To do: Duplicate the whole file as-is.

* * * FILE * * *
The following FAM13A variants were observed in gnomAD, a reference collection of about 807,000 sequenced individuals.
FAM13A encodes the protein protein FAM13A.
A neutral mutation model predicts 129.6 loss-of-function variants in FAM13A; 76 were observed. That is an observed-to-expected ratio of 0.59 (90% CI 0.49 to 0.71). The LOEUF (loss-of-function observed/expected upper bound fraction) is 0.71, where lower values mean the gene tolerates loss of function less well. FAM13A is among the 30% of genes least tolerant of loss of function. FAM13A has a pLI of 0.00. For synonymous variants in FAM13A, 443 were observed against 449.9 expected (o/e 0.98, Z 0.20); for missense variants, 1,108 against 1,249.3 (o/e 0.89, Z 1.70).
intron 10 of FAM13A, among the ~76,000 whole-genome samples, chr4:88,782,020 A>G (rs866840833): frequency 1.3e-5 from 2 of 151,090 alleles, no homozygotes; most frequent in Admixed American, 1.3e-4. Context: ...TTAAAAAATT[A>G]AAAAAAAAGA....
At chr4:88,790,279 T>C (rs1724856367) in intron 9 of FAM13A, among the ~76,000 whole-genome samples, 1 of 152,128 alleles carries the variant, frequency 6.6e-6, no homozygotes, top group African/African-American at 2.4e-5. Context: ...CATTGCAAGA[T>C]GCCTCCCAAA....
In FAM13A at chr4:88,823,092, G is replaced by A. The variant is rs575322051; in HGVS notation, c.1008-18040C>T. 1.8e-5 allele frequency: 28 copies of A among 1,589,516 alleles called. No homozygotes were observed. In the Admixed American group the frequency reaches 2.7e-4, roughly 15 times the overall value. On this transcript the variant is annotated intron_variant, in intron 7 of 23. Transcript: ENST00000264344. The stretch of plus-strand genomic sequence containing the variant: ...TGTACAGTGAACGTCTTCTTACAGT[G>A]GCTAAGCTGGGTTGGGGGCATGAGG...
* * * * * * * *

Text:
The following FAM13A variants were observed in gnomAD, a reference collection of about 807,000 sequenced individuals.
FAM13A encodes the protein protein FAM13A.
A neutral mutation model predicts 129.6 loss-of-function variants in FAM13A; 76 were observed. That is an observed-to-expected ratio of 0.59 (90% CI 0.49 to 0.71). The LOEUF (loss-of-function observed/expected upper bound fraction) is 0.71, where lower values mean the gene tolerates loss of function less well. FAM13A is among the 30% of genes least tolerant of loss of function. FAM13A has a pLI of 0.00. For synonymous variants in FAM13A, 443 were observed against 449.9 expected (o/e 0.98, Z 0.20); for missense variants, 1,108 against 1,249.3 (o/e 0.89, Z 1.70).
intron 10 of FAM13A, among the ~76,000 whole-genome samples, chr4:88,782,020 A>G (rs866840833): frequency 1.3e-5 from 2 of 151,090 alleles, no homozygotes; most frequent in Admixed American, 1.3e-4. Context: ...TTAAAAAATT[A>G]AAAAAAAAGA....
At chr4:88,790,279 T>C (rs1724856367) in intron 9 of FAM13A, among the ~76,000 whole-genome samples, 1 of 152,128 alleles carries the variant, frequency 6.6e-6, no homozygotes, top group African/African-American at 2.4e-5. Context: ...CATTGCAAGA[T>C]GCCTCCCAAA....
In FAM13A at chr4:88,823,092, G is replaced by A. The variant is rs575322051; in HGVS notation, c.1008-18040C>T. 1.8e-5 allele frequency: 28 copies of A among 1,589,516 alleles called. No homozygotes were observed. In the Admixed American group the frequency reaches 2.7e-4, roughly 15 times the overall value. On this transcript the variant is annotated intron_variant, in intron 7 of 23. Transcript: ENST00000264344. The stretch of plus-strand genomic sequence containing the variant: ...TGTACAGTGAACGTCTTCTTACAGT[G>A]GCTAAGCTGGGTTGGGGGCATGAGG...